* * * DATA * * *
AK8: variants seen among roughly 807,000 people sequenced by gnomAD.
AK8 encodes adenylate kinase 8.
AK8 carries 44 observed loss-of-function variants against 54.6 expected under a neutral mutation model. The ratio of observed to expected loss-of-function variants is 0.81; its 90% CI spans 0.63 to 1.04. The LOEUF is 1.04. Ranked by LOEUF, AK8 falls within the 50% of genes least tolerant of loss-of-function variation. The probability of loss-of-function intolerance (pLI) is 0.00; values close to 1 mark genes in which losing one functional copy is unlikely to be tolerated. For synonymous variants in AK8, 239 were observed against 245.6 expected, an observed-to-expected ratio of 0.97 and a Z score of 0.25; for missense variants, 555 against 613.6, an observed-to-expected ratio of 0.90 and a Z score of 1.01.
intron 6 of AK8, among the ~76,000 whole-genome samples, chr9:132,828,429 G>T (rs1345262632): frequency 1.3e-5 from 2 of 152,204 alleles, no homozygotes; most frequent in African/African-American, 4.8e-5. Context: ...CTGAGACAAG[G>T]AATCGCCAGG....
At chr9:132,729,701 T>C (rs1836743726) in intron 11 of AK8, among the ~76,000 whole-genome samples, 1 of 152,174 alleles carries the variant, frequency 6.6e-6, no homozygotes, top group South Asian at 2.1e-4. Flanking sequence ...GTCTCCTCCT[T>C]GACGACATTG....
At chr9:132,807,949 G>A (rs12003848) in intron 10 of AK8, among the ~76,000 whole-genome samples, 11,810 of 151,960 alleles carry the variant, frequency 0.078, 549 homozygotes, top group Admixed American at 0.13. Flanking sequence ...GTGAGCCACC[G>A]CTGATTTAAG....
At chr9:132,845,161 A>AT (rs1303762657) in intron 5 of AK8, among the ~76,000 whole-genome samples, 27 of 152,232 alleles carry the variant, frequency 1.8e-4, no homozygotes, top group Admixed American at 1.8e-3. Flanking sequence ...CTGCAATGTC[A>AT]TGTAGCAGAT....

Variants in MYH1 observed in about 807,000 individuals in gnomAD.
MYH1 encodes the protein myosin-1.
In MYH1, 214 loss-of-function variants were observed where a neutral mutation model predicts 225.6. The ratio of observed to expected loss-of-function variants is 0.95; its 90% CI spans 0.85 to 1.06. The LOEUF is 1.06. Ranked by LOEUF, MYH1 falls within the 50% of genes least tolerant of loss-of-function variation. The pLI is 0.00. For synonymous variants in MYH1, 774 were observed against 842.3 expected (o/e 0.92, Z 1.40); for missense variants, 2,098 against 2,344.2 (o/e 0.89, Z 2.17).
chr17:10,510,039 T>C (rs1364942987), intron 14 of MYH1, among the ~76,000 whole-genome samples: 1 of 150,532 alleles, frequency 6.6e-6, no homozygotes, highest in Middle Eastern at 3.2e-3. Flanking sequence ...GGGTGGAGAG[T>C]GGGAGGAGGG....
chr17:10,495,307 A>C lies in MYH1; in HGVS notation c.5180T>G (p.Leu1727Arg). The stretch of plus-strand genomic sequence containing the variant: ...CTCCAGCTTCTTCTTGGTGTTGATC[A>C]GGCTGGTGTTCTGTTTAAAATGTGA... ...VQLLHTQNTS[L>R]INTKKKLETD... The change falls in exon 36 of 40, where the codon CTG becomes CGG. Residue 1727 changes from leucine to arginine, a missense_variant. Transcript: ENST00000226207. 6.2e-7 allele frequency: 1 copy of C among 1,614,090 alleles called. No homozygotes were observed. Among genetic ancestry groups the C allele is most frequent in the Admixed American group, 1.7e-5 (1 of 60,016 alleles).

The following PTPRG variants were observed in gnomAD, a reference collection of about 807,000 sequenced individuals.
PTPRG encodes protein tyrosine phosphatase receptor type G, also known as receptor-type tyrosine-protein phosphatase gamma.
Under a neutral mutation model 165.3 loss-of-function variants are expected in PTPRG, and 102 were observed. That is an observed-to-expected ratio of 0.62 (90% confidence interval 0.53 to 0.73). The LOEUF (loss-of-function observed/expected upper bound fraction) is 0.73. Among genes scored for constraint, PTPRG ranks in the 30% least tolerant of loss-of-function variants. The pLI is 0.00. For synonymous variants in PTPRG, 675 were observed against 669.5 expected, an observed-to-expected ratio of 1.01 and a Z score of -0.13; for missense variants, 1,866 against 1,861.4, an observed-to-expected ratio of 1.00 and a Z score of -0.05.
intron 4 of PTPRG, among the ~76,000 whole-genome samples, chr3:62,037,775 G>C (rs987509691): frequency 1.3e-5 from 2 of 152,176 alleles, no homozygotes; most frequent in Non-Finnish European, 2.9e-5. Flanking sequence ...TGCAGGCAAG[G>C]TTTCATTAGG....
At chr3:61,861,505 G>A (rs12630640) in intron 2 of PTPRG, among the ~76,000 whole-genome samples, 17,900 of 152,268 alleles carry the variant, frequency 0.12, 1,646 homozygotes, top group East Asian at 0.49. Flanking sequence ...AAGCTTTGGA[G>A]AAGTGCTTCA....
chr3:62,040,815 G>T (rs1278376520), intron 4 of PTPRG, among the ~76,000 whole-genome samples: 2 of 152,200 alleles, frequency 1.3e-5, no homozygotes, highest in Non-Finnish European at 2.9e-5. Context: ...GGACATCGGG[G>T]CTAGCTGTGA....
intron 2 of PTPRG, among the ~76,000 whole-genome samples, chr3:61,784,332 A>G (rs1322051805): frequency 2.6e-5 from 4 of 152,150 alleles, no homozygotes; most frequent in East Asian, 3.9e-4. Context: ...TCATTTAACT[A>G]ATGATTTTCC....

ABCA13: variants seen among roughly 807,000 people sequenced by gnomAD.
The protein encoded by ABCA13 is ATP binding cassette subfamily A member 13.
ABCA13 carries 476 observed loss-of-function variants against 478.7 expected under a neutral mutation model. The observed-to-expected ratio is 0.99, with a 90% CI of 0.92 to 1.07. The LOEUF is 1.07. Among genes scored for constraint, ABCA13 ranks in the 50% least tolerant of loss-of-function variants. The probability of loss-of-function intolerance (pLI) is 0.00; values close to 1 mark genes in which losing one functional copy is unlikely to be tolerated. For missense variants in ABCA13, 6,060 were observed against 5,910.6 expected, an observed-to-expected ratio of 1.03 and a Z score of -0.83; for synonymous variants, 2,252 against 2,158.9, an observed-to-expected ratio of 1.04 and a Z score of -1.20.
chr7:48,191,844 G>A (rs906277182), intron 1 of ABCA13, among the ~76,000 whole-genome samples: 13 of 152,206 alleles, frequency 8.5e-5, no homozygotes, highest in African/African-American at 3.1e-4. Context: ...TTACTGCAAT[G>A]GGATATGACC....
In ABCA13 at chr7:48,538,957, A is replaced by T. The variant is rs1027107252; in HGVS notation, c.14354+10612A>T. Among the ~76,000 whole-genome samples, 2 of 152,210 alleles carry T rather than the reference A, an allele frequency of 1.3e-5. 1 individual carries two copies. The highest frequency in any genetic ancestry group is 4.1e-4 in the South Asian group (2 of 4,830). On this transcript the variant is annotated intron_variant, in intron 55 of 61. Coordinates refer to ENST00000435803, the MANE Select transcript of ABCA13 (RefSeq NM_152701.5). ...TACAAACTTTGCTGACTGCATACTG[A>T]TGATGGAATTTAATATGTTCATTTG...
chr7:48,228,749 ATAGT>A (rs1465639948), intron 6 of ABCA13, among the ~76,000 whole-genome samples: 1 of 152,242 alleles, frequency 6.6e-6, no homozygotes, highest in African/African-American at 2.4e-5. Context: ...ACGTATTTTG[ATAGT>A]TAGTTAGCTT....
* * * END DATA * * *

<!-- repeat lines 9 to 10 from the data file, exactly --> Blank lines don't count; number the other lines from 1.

MYH1 encodes the protein myosin-1.
In MYH1, 214 loss-of-function variants were observed where a neutral mutation model predicts 225.6. The ratio of observed to expected loss-of-function variants is 0.95; its 90% CI spans 0.85 to 1.06. The LOEUF is 1.06. Ranked by LOEUF, MYH1 falls within the 50% of genes least tolerant of loss-of-function variation. The pLI is 0.00. For synonymous variants in MYH1, 774 were observed against 842.3 expected (o/e 0.92, Z 1.40); for missense variants, 2,098 against 2,344.2 (o/e 0.89, Z 2.17).